When most high school pitchers have trouble with their mechanics or their delivery, they have to rely on their high school coach for help.
While that might be fine, Drew Cisco can do a whole lot more than that without leaving his family. He can talk to his grandfather, the one who spent parts of seven seasons in the big leagues and nearly three decades as a pitching coach. Or his dad, who spent three summers in the Minors. Or his uncle, who has pro experience. Or his brother, who's currently with Double-A Reading in the Phillies organization.
"Whenever Granddad comes down, we take a trip to the bullpen," Cisco said. "He doesn't change too much, but it's amazing what little things can do. It's great having him. He comes down a good bit, He's really helped me and my brothers out. And if I want to ask questions, he's only a phone call away."
"Granddad" is Galen Cisco, who pitched for the Red Sox, Mets and Royals in a big league career that saw him collect 659 innings. He's more known as a pitching coach, one who handled Major League staffs for almost 30 years. Dad is Jeff, a catcher who played at the lower levels of the Expos and Padres systems. Brother is Mike, a 2008 draftee of the Phillies who's reached Double-A and has a career 2.81 ERA in the Minors.
"No one gives advice unless you ask," Cisco said. "I try to ask as much as I can. My dad played Minor League ball, my granddad comes down as often as he can and I talk to Mike a lot."
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Clearly, it's working. As might be expected coming from such an extensive baseball family tree, Cisco has an extremely good feel for his craft. His pitchability gets rave reviews from scouts, who praise his three-pitch mix and, more importantly, his ability to command it better than most high school arms can.
Those are important skills because Cisco doesn't fit the typical mold teams look for in prep pitchers. He's not tall and gangly with tons of projection. And while his stuff isn't bad -- he's generally in the 90-93 mph range with his fastball -- he doesn't light up radar guns in a manner that gets other high schoolers more attention. It's not something that concerns Cisco. After all, the Wando High School senior has gone 6-0 with a 0.41 ERA this season, striking out 45 and walking just five over 34 1/3 innings to date. He knows it's not just about throwing as hard as possible. It's about putting up zeroes.
"Pitching is about getting people out," Cisco said. "Some say I don't throw as hard as other guys. I'm in the 90-93 mph range -- I've hit a 94 early in the summer. With that aside, it comes down to whether you get the guy out. People want guys who can go out there and compete with great stuff and get batters out. It doesn't mean anything if you don't get the guy out at home plate."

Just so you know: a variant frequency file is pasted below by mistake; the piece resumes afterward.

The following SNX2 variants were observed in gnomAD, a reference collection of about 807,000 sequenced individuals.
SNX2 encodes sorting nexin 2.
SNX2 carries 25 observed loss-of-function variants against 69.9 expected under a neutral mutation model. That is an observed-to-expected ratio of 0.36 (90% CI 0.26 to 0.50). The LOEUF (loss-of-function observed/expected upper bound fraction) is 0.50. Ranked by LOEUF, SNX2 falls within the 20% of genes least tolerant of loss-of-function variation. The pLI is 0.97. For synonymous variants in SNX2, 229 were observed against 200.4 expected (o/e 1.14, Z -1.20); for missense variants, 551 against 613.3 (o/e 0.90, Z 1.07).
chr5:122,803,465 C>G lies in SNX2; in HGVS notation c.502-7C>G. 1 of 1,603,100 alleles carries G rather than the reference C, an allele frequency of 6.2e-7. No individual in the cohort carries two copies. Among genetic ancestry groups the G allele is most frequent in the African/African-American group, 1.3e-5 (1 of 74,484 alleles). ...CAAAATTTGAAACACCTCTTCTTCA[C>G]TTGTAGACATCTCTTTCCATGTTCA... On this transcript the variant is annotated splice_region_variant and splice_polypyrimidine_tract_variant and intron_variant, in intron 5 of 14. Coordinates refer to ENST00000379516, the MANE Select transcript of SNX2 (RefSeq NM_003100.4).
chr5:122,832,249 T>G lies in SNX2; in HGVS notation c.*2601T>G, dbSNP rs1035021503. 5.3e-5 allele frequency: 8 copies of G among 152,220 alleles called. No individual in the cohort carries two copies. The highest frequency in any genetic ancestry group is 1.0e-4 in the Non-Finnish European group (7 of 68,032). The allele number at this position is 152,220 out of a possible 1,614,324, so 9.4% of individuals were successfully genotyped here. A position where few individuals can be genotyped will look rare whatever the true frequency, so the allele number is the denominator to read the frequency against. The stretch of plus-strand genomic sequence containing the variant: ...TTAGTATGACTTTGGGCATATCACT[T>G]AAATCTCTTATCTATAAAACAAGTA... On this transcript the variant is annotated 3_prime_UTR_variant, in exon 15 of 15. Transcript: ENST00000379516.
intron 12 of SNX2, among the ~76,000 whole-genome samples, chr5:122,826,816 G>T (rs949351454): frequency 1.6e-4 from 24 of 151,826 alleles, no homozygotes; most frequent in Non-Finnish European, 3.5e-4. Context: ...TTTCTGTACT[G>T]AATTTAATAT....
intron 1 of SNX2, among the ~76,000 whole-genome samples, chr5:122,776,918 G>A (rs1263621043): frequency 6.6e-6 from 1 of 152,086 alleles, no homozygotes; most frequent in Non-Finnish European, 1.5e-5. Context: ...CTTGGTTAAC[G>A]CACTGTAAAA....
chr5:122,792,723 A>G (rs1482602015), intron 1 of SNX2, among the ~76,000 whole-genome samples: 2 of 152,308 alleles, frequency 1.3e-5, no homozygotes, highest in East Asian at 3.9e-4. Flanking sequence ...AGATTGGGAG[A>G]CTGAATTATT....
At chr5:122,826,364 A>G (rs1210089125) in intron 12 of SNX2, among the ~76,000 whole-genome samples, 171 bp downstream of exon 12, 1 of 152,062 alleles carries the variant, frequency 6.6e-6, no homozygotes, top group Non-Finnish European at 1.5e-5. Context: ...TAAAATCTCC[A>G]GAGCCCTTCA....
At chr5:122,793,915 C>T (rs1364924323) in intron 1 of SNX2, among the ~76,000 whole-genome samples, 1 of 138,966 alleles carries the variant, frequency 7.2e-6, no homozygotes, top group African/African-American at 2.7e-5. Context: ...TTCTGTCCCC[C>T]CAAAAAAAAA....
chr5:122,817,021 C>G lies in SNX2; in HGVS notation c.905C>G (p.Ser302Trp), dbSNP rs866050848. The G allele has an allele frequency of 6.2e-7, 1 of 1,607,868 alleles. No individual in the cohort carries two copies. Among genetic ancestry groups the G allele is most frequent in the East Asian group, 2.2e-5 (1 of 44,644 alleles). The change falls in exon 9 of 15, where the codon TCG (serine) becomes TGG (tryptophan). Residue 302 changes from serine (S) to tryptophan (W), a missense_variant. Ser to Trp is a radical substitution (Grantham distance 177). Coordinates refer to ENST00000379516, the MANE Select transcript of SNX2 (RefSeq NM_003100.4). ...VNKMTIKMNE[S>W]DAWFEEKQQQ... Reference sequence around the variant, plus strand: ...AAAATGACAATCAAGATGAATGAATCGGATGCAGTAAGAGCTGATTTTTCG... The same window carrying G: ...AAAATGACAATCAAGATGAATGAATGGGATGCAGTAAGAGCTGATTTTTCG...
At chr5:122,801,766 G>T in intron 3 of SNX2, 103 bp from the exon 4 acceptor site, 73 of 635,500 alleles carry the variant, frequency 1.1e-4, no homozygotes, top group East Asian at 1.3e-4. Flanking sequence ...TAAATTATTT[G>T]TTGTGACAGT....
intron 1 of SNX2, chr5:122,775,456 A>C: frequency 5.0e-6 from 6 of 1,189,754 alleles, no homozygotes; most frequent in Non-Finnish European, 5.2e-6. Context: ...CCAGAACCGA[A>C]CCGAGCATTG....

It's that kind of mindset that makes Cisco stand out, and it's something he's undoubtedly learned from the elders in his family and watching his two brothers go through Wando High. The second he began his career at Wando, it was obvious he was going to excel. He's been the ace of the staff since his freshman season, and he'll leave behind quite a legacy as the last Cisco, at least in this generation, to go through the South Carolina school's program.
Some coaches might not appreciate having a player on their team who's been so well-coached at home. There could be butting egos or simply fear of doing something to mess up what the player had worked on with his family. At Wando, however, coach Jeff Blankenship is nothing but appreciative.
"It makes everything a lot easier for us," said Blankenship, who's squad is 18-1 on the season. "He's been a two-year captain. We haven't had that before. Drew being the leader he is, we wanted him to be the captain his junior year and again this year. He's the first one here to get his work in, and he's team oriented after that. I can't ask for anything more out of Drew. I'm glad he's getting the recognition he deserves after all that hard work and putting in all the time."
Cisco vividly remembers the time he put in on the Veterans Stadium turf when his grandfather was the Phillies pitching coach. He got to hit and throw on the field, and he received better instructions than most kids could ever think of getting. But more than that, he got to get an early glimpse of a life that he knew he wanted to have once he was old enough.
"Just seeing those guys, how much fun they had, and it's their job," Cisco said of the big league players with whom he got to rub elbows. "It's crazy you can play a game you love for money. That's what I got out of it: How big of a dream it would be to one day play Major League Baseball and one day be where they are and he is."
With the Draft not so far off, that dream doesn't seem so far-fetched, though Cisco clearly has his head firmly on his shoulders. Perhaps that's because, though he's gotten invaluable teaching from various family members about how to play the game, some of them also provide first-hand knowledge that chasing the dream doesn't always mean reaching the ultimate goal.
"I know how hard it is to get there. People have been saying that my whole life," Cisco said. "Baseball doesn't last forever, and things can go wrong. I know there are a lot of things that can go into it. I haven't thought too much about it, but I'm definitely grounded by it. But I think anything can happen if you have the dream and you work hard enough."
Jonathan Mayo is a reporter for MLB.com. This story was not subject to the approval of Major League Baseball or its clubs.